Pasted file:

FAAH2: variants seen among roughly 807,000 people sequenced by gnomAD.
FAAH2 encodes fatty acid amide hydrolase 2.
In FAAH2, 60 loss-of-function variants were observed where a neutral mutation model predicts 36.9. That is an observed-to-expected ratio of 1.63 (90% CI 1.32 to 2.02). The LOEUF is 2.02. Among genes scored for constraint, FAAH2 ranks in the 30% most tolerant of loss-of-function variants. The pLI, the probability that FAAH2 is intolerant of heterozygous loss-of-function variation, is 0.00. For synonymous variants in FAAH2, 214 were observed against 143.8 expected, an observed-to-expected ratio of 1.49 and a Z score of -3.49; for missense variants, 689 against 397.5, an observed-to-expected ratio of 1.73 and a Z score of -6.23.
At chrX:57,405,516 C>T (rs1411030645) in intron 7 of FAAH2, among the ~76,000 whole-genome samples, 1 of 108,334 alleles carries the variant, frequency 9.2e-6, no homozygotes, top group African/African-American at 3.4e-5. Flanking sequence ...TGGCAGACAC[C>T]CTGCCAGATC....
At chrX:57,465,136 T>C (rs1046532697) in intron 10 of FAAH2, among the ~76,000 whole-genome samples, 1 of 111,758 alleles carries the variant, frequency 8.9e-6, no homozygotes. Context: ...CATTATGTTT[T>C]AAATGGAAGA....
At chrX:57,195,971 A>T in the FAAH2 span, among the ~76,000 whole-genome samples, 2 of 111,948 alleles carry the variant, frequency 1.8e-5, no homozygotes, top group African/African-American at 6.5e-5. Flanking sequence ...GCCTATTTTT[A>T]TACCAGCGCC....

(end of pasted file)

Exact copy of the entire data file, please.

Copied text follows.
FAAH2: variants seen among roughly 807,000 people sequenced by gnomAD.
FAAH2 encodes fatty acid amide hydrolase 2.
In FAAH2, 60 loss-of-function variants were observed where a neutral mutation model predicts 36.9. That is an observed-to-expected ratio of 1.63 (90% CI 1.32 to 2.02). The LOEUF is 2.02. Among genes scored for constraint, FAAH2 ranks in the 30% most tolerant of loss-of-function variants. The pLI, the probability that FAAH2 is intolerant of heterozygous loss-of-function variation, is 0.00. For synonymous variants in FAAH2, 214 were observed against 143.8 expected, an observed-to-expected ratio of 1.49 and a Z score of -3.49; for missense variants, 689 against 397.5, an observed-to-expected ratio of 1.73 and a Z score of -6.23.
At chrX:57,405,516 C>T (rs1411030645) in intron 7 of FAAH2, among the ~76,000 whole-genome samples, 1 of 108,334 alleles carries the variant, frequency 9.2e-6, no homozygotes, top group African/African-American at 3.4e-5. Flanking sequence ...TGGCAGACAC[C>T]CTGCCAGATC....
At chrX:57,465,136 T>C (rs1046532697) in intron 10 of FAAH2, among the ~76,000 whole-genome samples, 1 of 111,758 alleles carries the variant, frequency 8.9e-6, no homozygotes. Context: ...CATTATGTTT[T>C]AAATGGAAGA....
At chrX:57,195,971 A>T in the FAAH2 span, among the ~76,000 whole-genome samples, 2 of 111,948 alleles carry the variant, frequency 1.8e-5, no homozygotes, top group African/African-American at 6.5e-5. Flanking sequence ...GCCTATTTTT[A>T]TACCAGCGCC....